Lotren SwancuttLoren is Head of Special Education Services at a state high school in Queensland. Her role involves the leadership and management of inclusive education experiences for all students and the facilitation of inclusive interactions with families and the broader community. Loren has a Bachelor of Education (Primary and Special Education) and a Masters in Inclusive Education and is the appointed National Convenor of the school inclusion network for educators which operates under All Means All – the Australian Alliance for Inclusive Education.


Day 2 9:20 – 10:10

Bringing Down the Fence

Inclusive schooling requires a commitment to transforming traditional practices and mindsets, skilled and highly responsive pedagogical approaches, and strong leadership that is underpinned by solid professional knowledge and understanding. The demands of which can be overwhelming; with schools often experiencing a disconnect between accessing and interpreting strong theoretical frameworks and references, and transforming them into successful reform and practice.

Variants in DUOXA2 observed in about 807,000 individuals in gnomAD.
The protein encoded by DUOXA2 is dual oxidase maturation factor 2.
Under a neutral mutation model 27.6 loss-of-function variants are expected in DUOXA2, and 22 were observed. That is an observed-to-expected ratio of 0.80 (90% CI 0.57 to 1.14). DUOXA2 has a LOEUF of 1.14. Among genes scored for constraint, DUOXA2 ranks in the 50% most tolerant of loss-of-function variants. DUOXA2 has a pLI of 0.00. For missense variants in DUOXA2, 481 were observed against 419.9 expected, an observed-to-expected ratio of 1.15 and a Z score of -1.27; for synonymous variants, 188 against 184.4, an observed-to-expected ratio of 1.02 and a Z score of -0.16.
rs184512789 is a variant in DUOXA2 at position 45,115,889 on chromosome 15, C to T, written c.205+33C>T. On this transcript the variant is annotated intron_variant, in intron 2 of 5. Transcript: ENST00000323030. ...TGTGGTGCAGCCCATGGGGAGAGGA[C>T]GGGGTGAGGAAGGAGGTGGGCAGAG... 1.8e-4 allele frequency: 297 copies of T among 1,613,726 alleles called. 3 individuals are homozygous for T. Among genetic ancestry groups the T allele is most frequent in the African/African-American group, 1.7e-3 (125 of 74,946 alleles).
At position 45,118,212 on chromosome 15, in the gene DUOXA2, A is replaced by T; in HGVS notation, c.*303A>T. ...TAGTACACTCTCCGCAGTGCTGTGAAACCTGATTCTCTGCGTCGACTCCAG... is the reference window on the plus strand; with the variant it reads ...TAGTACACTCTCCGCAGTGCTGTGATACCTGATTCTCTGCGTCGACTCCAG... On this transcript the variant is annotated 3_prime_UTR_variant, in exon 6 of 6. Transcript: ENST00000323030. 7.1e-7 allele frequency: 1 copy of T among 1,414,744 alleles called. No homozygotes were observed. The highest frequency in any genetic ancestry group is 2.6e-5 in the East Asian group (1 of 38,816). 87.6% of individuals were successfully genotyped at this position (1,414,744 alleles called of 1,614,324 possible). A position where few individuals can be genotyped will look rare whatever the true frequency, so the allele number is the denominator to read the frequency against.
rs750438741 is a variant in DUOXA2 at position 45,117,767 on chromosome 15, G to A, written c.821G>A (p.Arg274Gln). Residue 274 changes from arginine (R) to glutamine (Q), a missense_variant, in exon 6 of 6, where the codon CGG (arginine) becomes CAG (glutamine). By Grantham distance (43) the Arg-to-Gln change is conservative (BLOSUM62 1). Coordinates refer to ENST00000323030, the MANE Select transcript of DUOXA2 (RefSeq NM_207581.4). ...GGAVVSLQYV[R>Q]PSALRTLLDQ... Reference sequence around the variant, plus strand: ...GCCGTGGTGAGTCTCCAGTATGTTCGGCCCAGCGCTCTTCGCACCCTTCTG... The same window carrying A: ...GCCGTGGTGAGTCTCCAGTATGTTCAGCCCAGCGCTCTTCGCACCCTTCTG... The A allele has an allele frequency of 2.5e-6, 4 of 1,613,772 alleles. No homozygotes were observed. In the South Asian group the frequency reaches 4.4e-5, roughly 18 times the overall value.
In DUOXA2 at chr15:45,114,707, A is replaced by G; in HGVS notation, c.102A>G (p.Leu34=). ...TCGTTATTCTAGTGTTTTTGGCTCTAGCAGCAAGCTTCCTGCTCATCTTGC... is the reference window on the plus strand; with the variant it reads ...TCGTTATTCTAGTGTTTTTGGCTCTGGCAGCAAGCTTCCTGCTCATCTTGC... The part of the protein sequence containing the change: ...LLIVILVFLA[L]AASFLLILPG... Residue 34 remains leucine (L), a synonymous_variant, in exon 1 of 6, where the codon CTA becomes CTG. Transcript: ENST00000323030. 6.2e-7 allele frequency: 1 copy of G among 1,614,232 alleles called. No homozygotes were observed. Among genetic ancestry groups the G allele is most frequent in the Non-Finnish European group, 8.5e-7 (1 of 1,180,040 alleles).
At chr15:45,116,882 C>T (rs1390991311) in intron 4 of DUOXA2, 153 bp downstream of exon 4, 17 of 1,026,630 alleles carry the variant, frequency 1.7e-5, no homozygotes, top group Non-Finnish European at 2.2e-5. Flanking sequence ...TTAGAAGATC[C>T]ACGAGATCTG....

‘Bringing Down the Fence’ is a presentation that explores and unpacks school-level design, implementation and leadership processes that support the realisation of inclusive schooling. The Insightful steps and strategies are backed by the real-life applications and experiences of Thuringowa State High School – a Queensland State High School that disbanded its segregated Special Education Program in 2015, and has been successfully educating all students in age-appropriate, heterogeneous classrooms ever since.

The following aspects are explored with markers for success identified:
• Inclusive Principles
• Collaborative Teams
• Planning for Change
• Transforming Culture
• Action Planning
• Quality Instruction
• Supportive Environments
• Partnerships
• Resourcing
• Capacity Building
• Inclusive Leadership

Day 2 12:15 – 1:05

Planning for Personalised Learning

The purpose, development, and importance of Individual Learning Plans differs across educational systems and sectors right around the nation. Regardless of their origin; the value and validity of their existence is highly dependent on who contributes, how they are situated, and what they aim to achieve.
‘Planning for Personalised Learning’ challenges thought processes around individual planning. It opens up the discourse of accountability versus outcome, and explores concepts that push equity instead of compliance. Traditional methods of individual planning are transformed to include principles of inclusive pedagogy and Universal Design for Learning.

The following aspects of individual planning are explored:
• Traditional modes and thought processes
• The ‘why’
• Transforming the purpose
• Collaboration
• Potential drivers of inclusion